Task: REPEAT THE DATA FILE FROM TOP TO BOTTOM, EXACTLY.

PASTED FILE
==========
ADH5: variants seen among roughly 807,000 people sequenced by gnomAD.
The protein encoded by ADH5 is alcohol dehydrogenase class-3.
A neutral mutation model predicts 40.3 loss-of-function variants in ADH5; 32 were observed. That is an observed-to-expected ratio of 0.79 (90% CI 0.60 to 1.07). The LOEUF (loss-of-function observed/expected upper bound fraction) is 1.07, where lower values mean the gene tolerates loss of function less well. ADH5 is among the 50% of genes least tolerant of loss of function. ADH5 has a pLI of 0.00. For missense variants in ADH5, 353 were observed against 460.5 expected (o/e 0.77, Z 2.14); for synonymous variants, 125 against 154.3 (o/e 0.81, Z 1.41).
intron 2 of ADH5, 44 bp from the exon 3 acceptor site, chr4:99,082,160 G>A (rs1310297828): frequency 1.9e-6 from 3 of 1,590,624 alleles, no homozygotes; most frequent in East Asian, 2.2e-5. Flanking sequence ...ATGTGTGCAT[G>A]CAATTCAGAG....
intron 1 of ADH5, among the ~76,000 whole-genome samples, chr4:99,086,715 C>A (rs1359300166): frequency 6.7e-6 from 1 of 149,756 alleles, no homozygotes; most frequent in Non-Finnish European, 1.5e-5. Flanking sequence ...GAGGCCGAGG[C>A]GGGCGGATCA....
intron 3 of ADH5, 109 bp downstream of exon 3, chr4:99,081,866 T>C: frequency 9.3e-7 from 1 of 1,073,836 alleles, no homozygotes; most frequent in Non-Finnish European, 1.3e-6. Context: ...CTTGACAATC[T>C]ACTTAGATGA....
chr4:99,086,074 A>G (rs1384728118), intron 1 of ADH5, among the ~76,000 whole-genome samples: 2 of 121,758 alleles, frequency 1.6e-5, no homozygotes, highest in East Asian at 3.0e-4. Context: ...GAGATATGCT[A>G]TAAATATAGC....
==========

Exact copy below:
ADH5: variants seen among roughly 807,000 people sequenced by gnomAD.
The protein encoded by ADH5 is alcohol dehydrogenase class-3.
A neutral mutation model predicts 40.3 loss-of-function variants in ADH5; 32 were observed. That is an observed-to-expected ratio of 0.79 (90% CI 0.60 to 1.07). The LOEUF (loss-of-function observed/expected upper bound fraction) is 1.07, where lower values mean the gene tolerates loss of function less well. ADH5 is among the 50% of genes least tolerant of loss of function. ADH5 has a pLI of 0.00. For missense variants in ADH5, 353 were observed against 460.5 expected (o/e 0.77, Z 2.14); for synonymous variants, 125 against 154.3 (o/e 0.81, Z 1.41).
intron 2 of ADH5, 44 bp from the exon 3 acceptor site, chr4:99,082,160 G>A (rs1310297828): frequency 1.9e-6 from 3 of 1,590,624 alleles, no homozygotes; most frequent in East Asian, 2.2e-5. Flanking sequence ...ATGTGTGCAT[G>A]CAATTCAGAG....
intron 1 of ADH5, among the ~76,000 whole-genome samples, chr4:99,086,715 C>A (rs1359300166): frequency 6.7e-6 from 1 of 149,756 alleles, no homozygotes; most frequent in Non-Finnish European, 1.5e-5. Flanking sequence ...GAGGCCGAGG[C>A]GGGCGGATCA....
intron 3 of ADH5, 109 bp downstream of exon 3, chr4:99,081,866 T>C: frequency 9.3e-7 from 1 of 1,073,836 alleles, no homozygotes; most frequent in Non-Finnish European, 1.3e-6. Context: ...CTTGACAATC[T>C]ACTTAGATGA....
chr4:99,086,074 A>G (rs1384728118), intron 1 of ADH5, among the ~76,000 whole-genome samples: 2 of 121,758 alleles, frequency 1.6e-5, no homozygotes, highest in East Asian at 3.0e-4. Context: ...GAGATATGCT[A>G]TAAATATAGC....